Then there is this really odd bit of contradiction from Assange: he insists that Wikileaks does not know who the sources are, but we should defend Manning. In general, I would prefer to know who my sources are, and their identity is not irrelevant. It can tell you something about what was leaked and why, and prevent you from becoming a tool in someone else’s game.

  6. John Stanton

    Speaking of social science/anthro, has anyone seen the data on religion that the Joshua Project has. It is quite impressive though it is intended for religion conversion. If you get through the propaganda, you find a lot of sources also at the WCIU library link. And to think that HTS was some type of novel concept.

    I agree with Max on Wikileaks.

    My concern is that some items claimed to be leaked are readily available online.

    Wikileaks recent dump is a triumph for the awful mainstream media: Assange has now been blessed by the media/givernment elite.

    Yes, a lot of material I write ends up on Cryptome but that is John Young’s decision whether to post/publish or not. Cryptome has been around a long time and is a great service. I hope John Young has an heir apparent for the project. John’s candor is something I really appreciate as it is so rare these days.

  7. Marijn Lems

    Valid points, one and all. A few of my own:

    – Your thoughts about the danger of the data being used as an argument for the war are not that relevant: every piece of information that could ever be released to the public will always be an “ideological Rorschach”. Although Assange is obviously opposed to many aspects of the war itself, it seems to me that his main goal is to push for larger transparency for its own sake (educating the public so that they can form their own opinions). You seem to feel that Assange will have failed if the case for war gets stronger. I don’t think so.

    – The above does of course make your points about the human cost of this transparency all the more important. If WikiLeaks loses sight of the danger the documents could pose for Afghan citizens who aided the coalition troops, they will have failed the most basic ethics requirements. I’m hearing a lot of conflicting reports about this; in your opinion, are any “collaborators” identified in the data that has been released?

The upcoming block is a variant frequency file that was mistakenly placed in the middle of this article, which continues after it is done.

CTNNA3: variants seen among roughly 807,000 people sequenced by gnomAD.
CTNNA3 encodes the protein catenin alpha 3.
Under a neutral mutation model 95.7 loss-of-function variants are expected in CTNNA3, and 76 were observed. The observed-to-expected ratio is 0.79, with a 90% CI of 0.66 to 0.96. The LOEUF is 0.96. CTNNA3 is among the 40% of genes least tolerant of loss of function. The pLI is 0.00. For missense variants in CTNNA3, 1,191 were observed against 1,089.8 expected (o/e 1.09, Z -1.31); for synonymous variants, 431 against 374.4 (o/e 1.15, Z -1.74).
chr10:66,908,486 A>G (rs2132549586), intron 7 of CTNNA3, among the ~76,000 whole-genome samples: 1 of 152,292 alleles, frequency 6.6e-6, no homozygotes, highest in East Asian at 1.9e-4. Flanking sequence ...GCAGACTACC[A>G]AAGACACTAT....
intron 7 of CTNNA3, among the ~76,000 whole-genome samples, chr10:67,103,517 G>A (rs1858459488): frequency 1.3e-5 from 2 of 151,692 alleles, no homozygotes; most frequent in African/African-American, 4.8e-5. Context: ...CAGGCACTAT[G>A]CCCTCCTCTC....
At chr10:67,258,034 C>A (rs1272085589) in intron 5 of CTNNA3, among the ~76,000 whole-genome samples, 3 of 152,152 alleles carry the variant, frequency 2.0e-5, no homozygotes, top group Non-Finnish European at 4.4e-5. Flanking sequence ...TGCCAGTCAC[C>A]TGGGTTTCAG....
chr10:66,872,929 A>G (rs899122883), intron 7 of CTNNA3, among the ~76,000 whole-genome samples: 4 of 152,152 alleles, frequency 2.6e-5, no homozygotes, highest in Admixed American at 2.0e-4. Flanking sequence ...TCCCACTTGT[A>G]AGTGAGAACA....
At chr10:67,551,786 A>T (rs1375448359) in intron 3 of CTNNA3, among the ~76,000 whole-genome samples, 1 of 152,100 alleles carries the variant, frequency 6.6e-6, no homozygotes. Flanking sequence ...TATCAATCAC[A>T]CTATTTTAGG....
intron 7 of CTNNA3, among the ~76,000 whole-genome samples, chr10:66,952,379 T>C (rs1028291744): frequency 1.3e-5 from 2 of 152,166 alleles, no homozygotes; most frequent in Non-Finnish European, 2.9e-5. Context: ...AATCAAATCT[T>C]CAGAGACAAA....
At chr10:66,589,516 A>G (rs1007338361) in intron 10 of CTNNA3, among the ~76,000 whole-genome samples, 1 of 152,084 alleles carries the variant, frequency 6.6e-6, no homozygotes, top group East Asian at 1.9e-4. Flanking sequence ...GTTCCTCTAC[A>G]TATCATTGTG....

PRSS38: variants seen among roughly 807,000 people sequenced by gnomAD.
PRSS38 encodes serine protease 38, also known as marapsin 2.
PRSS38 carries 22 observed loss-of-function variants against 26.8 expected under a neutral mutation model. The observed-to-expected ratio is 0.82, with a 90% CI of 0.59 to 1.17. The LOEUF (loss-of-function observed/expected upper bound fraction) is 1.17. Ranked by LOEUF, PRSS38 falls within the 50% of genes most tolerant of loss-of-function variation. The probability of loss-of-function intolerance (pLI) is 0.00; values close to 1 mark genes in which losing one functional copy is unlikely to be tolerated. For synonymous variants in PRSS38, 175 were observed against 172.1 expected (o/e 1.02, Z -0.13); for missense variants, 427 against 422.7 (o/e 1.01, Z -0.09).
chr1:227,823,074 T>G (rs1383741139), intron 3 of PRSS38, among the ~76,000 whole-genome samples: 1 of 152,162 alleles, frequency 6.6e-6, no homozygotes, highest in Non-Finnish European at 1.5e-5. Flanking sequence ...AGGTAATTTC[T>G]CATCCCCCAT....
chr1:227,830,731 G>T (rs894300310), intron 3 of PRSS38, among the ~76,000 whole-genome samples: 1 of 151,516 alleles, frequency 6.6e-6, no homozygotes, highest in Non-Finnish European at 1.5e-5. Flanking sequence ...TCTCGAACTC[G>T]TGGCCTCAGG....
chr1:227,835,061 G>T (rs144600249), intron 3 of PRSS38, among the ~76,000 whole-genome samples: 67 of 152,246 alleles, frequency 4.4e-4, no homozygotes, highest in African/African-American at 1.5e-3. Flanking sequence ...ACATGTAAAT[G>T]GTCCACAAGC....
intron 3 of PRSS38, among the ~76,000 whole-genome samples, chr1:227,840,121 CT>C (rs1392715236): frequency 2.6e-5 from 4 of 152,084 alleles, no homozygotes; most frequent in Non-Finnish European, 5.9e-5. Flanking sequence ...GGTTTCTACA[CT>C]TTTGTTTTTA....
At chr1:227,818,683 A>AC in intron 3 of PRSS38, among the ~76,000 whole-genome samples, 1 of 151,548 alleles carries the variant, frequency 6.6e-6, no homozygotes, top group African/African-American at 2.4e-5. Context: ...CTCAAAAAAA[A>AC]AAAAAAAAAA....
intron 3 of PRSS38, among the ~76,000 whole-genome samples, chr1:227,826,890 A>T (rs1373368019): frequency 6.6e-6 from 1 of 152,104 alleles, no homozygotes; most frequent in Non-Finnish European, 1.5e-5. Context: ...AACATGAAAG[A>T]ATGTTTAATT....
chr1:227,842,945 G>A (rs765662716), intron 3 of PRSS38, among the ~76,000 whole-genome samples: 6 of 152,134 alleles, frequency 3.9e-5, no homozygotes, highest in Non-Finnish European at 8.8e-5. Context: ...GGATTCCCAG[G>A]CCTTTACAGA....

– In your own comments section you seem to wish for Assange to disclose his sources. You do know that that’s kind of an impossible ask, right? I don’t need to tell you that Mannings chances in court will fall dramatically if the entire world knows that he’s guilty, not to mention the negative effect it will have on future whistleblowers. The identity of sources is not irrelevant, but there’s a very good reason journalists can shield that information from public knowledge.

    – On crowdsourcing: of course every bit of information always has to be contextualized as fully as possible. However, this has to be done by independent experts, which isn’t what happens now: our context is continually being shaped by governments and (media) corporations. I don’t know if a lack of context is preferable to a false context in all cases, but I think we’ve seen quite enough of the latter.

    Thanks for the great article!

    1. Maximilian Forte

      I should clarify a couple of points. I do not want Assange to reveal his sources to us…I want him to be aware of who they are. This minimizes the risk of receiving a batch of records that may have been falsified, and it may also tell him something about the motivations behind the intended release.